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December 12, 2013 | By Carol J. Williams
Political leaders in Spain's prosperous Catalonia region set themselves on a collision course with the central government in Madrid on Thursday when they called a Nov. 9 referendum on independence. Voters in the region of 7.5 million residents will be asked to answer a two-tiered question, according to Spanish news media: "Do you want Catalonia to be a state?" And, if so, "Do you want Catalonia to be an independent state?" The announcement of the vote immediately drew condemnation from Spanish government officials who have repeatedly warned the separatist forces in Catalonia that the constitution prohibits any region from unilaterally deciding matters that affect other parts of the country.
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WORLD
December 12, 2013 | By Carol J. Williams
Political leaders in Spain's prosperous Catalonia region set themselves on a collision course with the central government in Madrid on Thursday when they called a Nov. 9 referendum on independence. Voters in the region of 7.5 million residents will be asked to answer a two-tiered question, according to Spanish news media: "Do you want Catalonia to be a state?" And, if so, "Do you want Catalonia to be an independent state?" The announcement of the vote immediately drew condemnation from Spanish government officials who have repeatedly warned the separatist forces in Catalonia that the constitution prohibits any region from unilaterally deciding matters that affect other parts of the country.
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NEWS
October 14, 1990 | WILLIAM D. MONTALBANO, TIMES STAFF WRITER
At the peak of the American flood of men and arms into the Persian Gulf, U.S. military jets landed at bases in Spain every two or three minutes. Serviced and refueled, the planes took off again to neighborhood complaints about noise, national ambivalence over their presence, and an unprecedented commitment by Spain's Socialist government to their mission.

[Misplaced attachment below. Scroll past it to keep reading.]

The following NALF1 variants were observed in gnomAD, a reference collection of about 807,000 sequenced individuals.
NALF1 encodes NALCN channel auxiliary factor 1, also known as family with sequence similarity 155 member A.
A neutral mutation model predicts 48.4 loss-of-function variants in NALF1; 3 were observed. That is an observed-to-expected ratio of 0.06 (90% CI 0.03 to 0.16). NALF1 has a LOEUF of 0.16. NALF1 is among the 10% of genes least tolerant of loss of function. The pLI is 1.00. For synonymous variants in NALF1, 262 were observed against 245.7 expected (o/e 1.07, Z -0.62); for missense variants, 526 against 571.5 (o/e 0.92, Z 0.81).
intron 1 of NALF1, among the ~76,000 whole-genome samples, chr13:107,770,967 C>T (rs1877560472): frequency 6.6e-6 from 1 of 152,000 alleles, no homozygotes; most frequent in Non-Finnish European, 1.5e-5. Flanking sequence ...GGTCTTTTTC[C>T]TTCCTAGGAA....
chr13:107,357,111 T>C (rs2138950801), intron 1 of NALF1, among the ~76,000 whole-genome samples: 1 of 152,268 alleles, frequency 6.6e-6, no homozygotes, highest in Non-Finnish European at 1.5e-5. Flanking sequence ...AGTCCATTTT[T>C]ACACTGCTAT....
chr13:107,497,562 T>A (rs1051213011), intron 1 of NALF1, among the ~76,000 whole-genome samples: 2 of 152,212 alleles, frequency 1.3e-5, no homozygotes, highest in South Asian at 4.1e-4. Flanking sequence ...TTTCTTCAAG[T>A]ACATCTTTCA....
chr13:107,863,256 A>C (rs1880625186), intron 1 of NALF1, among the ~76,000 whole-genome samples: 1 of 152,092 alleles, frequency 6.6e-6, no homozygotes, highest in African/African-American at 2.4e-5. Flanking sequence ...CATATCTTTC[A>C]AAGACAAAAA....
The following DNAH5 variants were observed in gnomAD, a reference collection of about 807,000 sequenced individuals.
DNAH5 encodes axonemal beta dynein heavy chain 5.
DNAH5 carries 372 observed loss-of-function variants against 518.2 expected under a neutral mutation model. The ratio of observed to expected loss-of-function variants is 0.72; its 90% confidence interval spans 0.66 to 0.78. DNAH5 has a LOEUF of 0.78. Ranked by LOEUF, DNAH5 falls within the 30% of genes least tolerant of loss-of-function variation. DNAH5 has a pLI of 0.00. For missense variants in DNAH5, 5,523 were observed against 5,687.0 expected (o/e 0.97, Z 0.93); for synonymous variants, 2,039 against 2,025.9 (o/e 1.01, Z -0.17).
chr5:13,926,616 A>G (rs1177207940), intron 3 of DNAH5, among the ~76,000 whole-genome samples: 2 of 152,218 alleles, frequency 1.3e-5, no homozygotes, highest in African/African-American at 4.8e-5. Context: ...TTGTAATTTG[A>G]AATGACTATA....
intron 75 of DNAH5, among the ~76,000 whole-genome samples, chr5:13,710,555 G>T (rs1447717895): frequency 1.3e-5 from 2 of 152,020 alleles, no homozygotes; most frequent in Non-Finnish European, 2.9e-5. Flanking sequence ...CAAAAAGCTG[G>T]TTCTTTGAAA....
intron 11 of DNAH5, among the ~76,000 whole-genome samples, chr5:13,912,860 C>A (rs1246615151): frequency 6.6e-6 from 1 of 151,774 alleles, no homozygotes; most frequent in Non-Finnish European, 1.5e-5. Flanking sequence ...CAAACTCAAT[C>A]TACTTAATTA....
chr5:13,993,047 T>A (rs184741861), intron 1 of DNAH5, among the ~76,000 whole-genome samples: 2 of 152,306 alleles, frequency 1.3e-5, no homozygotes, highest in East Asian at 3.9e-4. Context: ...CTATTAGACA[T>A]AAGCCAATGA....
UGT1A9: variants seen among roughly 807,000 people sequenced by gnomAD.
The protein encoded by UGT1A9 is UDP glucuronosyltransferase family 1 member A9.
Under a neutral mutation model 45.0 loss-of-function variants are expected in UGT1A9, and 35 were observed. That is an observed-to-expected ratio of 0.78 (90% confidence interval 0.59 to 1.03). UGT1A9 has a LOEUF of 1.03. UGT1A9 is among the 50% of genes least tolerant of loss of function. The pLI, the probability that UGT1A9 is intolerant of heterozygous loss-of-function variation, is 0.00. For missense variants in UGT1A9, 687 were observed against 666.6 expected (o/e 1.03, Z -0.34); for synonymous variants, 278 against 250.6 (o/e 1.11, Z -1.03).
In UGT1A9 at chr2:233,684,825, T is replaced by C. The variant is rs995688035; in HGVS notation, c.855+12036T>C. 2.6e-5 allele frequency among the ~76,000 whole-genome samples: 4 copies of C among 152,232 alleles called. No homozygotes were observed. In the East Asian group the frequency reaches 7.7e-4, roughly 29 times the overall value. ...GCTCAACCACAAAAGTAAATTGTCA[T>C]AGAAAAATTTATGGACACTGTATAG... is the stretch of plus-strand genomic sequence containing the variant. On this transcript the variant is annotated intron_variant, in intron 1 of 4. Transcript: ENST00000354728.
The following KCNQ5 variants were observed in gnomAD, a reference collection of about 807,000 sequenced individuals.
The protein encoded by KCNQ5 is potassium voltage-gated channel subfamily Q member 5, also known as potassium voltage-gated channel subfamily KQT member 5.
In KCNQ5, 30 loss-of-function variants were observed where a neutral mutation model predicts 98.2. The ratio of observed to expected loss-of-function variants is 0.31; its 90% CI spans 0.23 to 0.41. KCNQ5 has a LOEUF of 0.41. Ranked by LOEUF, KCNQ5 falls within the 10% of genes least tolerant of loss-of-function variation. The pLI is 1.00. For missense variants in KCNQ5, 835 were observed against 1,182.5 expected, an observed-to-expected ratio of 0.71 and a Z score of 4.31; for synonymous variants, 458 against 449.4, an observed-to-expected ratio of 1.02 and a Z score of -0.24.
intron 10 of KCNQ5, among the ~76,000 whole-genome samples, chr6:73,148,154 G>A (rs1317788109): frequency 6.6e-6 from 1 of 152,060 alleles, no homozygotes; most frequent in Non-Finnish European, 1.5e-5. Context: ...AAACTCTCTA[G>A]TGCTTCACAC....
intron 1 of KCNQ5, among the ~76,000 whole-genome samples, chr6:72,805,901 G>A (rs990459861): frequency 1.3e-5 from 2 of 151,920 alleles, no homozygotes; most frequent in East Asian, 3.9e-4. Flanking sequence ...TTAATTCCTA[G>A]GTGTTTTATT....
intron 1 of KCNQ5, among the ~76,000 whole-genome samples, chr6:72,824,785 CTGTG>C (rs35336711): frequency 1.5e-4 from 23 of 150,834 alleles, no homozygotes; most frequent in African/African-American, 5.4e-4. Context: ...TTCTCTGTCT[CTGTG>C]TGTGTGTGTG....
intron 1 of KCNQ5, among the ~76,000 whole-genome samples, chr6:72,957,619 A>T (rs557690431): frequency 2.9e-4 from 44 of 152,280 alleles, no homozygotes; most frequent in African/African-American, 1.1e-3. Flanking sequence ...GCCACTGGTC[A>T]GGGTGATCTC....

WORLD
December 2, 2002 | From Times Wire Services
Tens of thousands of demonstrators packed the capital of Spain's Galicia region Sunday to protest the government's handling of a tanker disaster as a new wave of fuel oil hit Spanish beaches. The streets of Santiago de Compostela in northwestern Spain were thronged with marchers upset by the destruction wrought on the region's environment and fisheries by a huge oil spill from the sunken tanker Prestige.
NEWS
November 4, 1998 | From Times Wire Reports
Spanish Prime Minister Jose Maria Aznar authorized talks with groups linked to the militant Basque separatist group ETA, the first time his government has taken steps to negotiate an end to a 30-year conflict. The move came six weeks after the separatists declared a cease-fire.
NEWS
October 10, 1992 | WILLIAM D. MONTALBANO, TIMES STAFF WRITER
Seasons change. A gigantic national celebration of Spain's historic and democratic accomplishments is ending here, overtaken almost overnight by vexing questions about the Spanish future. "It was a big fiesta, but now the accounts are coming due, and as usual it is the everyday people who are asked to pay," said Maruja Torres, a naysaying columnist at the newspaper El Pais.
NEWS
January 21, 1991 | STANLEY MEISLER, TIMES STAFF WRITER
A huge hand-drawn poster stretches across a wall inside the Autonomous University of Barcelona in Bellaterra these days. It displays a caricature of Saddam Hussein and a cartoon of Uncle Sam and proclaims, "Neither Saddam nor Uncle Sam. Students for Peace." The university is a hotbed of peace protest now and thus hardly representative of public opinion in Spain.
NEWS
January 30, 1988 | From Times Wire Services
Basque separatists responsible for the deaths of nearly 600 people since they took up arms nearly 20 years ago have offered to enter negotiations for a 60-day truce if the Spanish government agrees to resume peace talks, officials said Friday. The government rejected the offer. "With attacks, there will be no contacts," Government spokesman Javier Solana said. "We must not be fooled by maneuvers which may be propaganda . . . .
NEWS
August 27, 1989
Spanish Prime Minister Felipe Gonzalez will dissolve Parliament late this week and call early elections to coincide with the seventh anniversary of his Socialist Party's first victory, Spain's leading newspaper reported. The independent newspaper El Pais said the 47-year-old leader will set elections for Oct. 29, during which he will be seeking an unprecedented third term for the Socialists.
NEWS
January 22, 1989 | WILLIAM D. MONTALBANO, Times Staff Writer